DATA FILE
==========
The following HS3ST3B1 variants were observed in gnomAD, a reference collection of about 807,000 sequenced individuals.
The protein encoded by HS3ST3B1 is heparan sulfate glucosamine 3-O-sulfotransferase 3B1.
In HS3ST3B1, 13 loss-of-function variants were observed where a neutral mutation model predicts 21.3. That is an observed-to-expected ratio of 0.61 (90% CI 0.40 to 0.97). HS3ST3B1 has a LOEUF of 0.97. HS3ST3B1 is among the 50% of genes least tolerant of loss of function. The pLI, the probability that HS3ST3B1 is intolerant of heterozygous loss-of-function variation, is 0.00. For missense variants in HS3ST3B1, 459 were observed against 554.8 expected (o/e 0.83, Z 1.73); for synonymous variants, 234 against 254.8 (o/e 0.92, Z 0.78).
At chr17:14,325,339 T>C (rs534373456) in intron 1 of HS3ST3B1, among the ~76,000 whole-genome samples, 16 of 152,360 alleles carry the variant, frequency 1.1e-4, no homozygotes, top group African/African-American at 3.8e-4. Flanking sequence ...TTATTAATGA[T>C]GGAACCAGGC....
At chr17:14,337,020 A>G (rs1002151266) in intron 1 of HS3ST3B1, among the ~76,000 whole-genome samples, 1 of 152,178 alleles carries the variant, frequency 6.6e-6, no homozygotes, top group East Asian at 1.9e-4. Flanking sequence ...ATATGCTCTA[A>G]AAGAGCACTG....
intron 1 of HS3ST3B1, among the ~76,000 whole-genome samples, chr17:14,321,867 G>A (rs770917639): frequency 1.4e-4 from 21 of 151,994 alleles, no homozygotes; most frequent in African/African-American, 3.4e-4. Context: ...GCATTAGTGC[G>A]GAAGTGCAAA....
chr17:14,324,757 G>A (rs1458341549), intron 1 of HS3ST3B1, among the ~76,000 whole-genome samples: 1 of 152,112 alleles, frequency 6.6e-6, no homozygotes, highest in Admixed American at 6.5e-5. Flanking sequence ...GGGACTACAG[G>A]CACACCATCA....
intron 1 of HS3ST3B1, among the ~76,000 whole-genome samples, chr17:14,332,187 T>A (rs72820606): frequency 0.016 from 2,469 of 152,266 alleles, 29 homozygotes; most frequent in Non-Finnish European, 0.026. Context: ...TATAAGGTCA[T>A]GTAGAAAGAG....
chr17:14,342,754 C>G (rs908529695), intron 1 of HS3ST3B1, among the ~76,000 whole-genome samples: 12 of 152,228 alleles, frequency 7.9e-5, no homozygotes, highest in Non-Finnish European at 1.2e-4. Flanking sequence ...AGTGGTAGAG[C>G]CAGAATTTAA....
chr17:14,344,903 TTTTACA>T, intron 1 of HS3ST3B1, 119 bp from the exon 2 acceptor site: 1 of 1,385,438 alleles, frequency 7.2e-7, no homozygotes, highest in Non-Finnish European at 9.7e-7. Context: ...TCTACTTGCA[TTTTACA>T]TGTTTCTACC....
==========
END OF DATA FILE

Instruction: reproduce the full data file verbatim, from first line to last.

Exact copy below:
The following HS3ST3B1 variants were observed in gnomAD, a reference collection of about 807,000 sequenced individuals.
The protein encoded by HS3ST3B1 is heparan sulfate glucosamine 3-O-sulfotransferase 3B1.
In HS3ST3B1, 13 loss-of-function variants were observed where a neutral mutation model predicts 21.3. That is an observed-to-expected ratio of 0.61 (90% CI 0.40 to 0.97). HS3ST3B1 has a LOEUF of 0.97. HS3ST3B1 is among the 50% of genes least tolerant of loss of function. The pLI, the probability that HS3ST3B1 is intolerant of heterozygous loss-of-function variation, is 0.00. For missense variants in HS3ST3B1, 459 were observed against 554.8 expected (o/e 0.83, Z 1.73); for synonymous variants, 234 against 254.8 (o/e 0.92, Z 0.78).
At chr17:14,325,339 T>C (rs534373456) in intron 1 of HS3ST3B1, among the ~76,000 whole-genome samples, 16 of 152,360 alleles carry the variant, frequency 1.1e-4, no homozygotes, top group African/African-American at 3.8e-4. Flanking sequence ...TTATTAATGA[T>C]GGAACCAGGC....
At chr17:14,337,020 A>G (rs1002151266) in intron 1 of HS3ST3B1, among the ~76,000 whole-genome samples, 1 of 152,178 alleles carries the variant, frequency 6.6e-6, no homozygotes, top group East Asian at 1.9e-4. Flanking sequence ...ATATGCTCTA[A>G]AAGAGCACTG....
intron 1 of HS3ST3B1, among the ~76,000 whole-genome samples, chr17:14,321,867 G>A (rs770917639): frequency 1.4e-4 from 21 of 151,994 alleles, no homozygotes; most frequent in African/African-American, 3.4e-4. Context: ...GCATTAGTGC[G>A]GAAGTGCAAA....
chr17:14,324,757 G>A (rs1458341549), intron 1 of HS3ST3B1, among the ~76,000 whole-genome samples: 1 of 152,112 alleles, frequency 6.6e-6, no homozygotes, highest in Admixed American at 6.5e-5. Flanking sequence ...GGGACTACAG[G>A]CACACCATCA....
intron 1 of HS3ST3B1, among the ~76,000 whole-genome samples, chr17:14,332,187 T>A (rs72820606): frequency 0.016 from 2,469 of 152,266 alleles, 29 homozygotes; most frequent in Non-Finnish European, 0.026. Context: ...TATAAGGTCA[T>A]GTAGAAAGAG....
chr17:14,342,754 C>G (rs908529695), intron 1 of HS3ST3B1, among the ~76,000 whole-genome samples: 12 of 152,228 alleles, frequency 7.9e-5, no homozygotes, highest in Non-Finnish European at 1.2e-4. Flanking sequence ...AGTGGTAGAG[C>G]CAGAATTTAA....
chr17:14,344,903 TTTTACA>T, intron 1 of HS3ST3B1, 119 bp from the exon 2 acceptor site: 1 of 1,385,438 alleles, frequency 7.2e-7, no homozygotes, highest in Non-Finnish European at 9.7e-7. Context: ...TCTACTTGCA[TTTTACA>T]TGTTTCTACC....